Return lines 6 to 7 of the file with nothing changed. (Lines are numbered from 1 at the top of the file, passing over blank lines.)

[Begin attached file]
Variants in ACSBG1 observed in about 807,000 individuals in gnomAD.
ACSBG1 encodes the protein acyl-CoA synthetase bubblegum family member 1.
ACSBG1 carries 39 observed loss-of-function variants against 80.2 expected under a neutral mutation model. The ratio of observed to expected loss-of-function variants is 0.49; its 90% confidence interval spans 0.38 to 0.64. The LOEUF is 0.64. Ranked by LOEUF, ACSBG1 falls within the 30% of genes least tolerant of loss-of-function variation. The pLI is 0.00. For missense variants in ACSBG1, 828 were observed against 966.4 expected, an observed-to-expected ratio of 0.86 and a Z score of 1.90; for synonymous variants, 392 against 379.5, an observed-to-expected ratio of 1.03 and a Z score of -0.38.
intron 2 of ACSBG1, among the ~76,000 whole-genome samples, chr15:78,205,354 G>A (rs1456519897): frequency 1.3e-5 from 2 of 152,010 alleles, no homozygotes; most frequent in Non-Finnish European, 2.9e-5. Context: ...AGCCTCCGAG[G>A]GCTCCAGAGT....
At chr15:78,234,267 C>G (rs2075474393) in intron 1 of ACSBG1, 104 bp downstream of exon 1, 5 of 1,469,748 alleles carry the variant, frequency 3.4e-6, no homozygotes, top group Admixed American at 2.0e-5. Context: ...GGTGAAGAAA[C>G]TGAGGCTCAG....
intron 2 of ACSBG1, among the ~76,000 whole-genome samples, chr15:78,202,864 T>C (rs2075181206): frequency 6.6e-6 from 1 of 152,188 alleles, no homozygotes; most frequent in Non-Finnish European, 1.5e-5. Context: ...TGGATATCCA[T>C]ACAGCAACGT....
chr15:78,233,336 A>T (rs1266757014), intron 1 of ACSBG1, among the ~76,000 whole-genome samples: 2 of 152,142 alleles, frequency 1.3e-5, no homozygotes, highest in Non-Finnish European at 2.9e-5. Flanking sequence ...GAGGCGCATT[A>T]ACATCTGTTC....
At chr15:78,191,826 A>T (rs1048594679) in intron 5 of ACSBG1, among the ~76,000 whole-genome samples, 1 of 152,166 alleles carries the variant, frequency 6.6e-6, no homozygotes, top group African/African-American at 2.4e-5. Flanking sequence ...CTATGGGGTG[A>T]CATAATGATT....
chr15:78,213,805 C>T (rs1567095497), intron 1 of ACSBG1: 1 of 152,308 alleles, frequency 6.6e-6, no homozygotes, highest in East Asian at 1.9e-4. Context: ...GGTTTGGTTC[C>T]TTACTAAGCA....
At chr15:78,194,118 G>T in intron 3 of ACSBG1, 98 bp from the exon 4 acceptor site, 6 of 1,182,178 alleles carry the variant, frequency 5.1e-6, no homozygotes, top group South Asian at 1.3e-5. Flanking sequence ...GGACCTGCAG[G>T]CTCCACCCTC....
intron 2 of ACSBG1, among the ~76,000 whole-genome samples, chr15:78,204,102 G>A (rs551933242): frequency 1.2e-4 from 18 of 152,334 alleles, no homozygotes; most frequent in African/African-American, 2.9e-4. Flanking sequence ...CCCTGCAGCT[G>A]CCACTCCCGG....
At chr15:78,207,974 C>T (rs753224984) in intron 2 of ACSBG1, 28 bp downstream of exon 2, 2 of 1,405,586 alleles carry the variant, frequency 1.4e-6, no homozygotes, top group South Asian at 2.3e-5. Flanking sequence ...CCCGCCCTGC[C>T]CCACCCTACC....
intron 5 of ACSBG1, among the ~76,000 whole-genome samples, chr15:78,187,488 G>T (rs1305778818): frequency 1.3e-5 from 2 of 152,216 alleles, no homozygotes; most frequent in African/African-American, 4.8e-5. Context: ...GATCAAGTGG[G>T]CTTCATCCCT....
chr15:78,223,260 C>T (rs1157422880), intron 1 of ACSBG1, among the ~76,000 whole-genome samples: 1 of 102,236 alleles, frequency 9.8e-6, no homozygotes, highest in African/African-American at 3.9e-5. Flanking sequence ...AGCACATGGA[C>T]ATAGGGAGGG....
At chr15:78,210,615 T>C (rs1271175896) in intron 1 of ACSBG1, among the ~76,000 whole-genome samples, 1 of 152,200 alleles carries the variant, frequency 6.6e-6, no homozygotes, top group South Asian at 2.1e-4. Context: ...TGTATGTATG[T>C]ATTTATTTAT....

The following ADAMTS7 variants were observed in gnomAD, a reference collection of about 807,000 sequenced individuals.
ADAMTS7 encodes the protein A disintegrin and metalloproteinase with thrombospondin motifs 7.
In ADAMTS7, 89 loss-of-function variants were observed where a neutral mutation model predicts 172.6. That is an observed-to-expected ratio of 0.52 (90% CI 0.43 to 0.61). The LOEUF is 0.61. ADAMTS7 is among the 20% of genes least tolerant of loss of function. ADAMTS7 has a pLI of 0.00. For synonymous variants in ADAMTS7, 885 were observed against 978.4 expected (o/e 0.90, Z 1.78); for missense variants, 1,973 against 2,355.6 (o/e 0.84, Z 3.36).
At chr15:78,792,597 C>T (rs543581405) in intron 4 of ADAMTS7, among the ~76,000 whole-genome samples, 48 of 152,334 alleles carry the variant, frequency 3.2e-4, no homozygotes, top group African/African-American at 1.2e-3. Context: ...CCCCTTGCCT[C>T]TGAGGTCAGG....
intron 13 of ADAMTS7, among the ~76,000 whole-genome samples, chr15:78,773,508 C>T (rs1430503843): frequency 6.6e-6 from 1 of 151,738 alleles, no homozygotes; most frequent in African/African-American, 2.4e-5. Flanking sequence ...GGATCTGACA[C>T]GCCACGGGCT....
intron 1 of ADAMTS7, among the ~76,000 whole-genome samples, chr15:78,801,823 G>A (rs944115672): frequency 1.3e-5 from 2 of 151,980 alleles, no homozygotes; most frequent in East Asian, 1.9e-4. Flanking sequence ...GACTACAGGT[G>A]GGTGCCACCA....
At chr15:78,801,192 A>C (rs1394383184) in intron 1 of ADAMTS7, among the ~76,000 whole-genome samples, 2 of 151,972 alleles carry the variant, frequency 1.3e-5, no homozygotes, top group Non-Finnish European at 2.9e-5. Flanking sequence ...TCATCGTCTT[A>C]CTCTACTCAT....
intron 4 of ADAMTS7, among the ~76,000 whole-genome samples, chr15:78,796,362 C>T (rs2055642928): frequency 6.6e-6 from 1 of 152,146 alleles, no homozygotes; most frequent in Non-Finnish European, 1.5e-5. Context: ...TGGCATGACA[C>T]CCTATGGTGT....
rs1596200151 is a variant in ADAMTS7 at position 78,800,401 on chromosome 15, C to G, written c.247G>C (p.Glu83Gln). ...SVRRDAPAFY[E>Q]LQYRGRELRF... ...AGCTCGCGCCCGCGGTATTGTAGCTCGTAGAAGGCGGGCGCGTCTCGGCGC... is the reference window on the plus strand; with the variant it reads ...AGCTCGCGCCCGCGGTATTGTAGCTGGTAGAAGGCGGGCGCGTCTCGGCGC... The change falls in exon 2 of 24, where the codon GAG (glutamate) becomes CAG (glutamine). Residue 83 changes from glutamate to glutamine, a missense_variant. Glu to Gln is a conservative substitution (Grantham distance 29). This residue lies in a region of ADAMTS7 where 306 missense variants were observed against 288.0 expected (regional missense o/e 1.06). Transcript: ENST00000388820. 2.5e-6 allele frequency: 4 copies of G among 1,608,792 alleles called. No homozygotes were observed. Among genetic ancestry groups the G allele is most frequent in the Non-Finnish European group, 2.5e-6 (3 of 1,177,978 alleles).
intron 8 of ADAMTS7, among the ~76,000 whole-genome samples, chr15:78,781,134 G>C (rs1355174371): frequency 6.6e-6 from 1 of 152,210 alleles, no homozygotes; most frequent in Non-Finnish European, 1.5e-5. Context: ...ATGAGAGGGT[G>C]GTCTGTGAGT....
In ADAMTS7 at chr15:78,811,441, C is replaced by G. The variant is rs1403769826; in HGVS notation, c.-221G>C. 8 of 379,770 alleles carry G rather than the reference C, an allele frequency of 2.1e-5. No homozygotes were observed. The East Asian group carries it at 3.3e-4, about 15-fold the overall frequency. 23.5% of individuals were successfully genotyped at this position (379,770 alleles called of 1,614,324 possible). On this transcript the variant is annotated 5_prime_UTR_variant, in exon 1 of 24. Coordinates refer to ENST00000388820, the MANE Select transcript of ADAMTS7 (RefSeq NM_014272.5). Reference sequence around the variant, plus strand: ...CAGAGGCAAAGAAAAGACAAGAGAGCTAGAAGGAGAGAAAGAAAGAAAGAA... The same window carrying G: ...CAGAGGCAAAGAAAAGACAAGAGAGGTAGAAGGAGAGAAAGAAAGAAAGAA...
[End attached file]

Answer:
intron 2 of ACSBG1, among the ~76,000 whole-genome samples, chr15:78,202,864 T>C (rs2075181206): frequency 6.6e-6 from 1 of 152,188 alleles, no homozygotes; most frequent in Non-Finnish European, 1.5e-5. Context: ...TGGATATCCA[T>C]ACAGCAACGT....
chr15:78,233,336 A>T (rs1266757014), intron 1 of ACSBG1, among the ~76,000 whole-genome samples: 2 of 152,142 alleles, frequency 1.3e-5, no homozygotes, highest in Non-Finnish European at 2.9e-5. Flanking sequence ...GAGGCGCATT[A>T]ACATCTGTTC....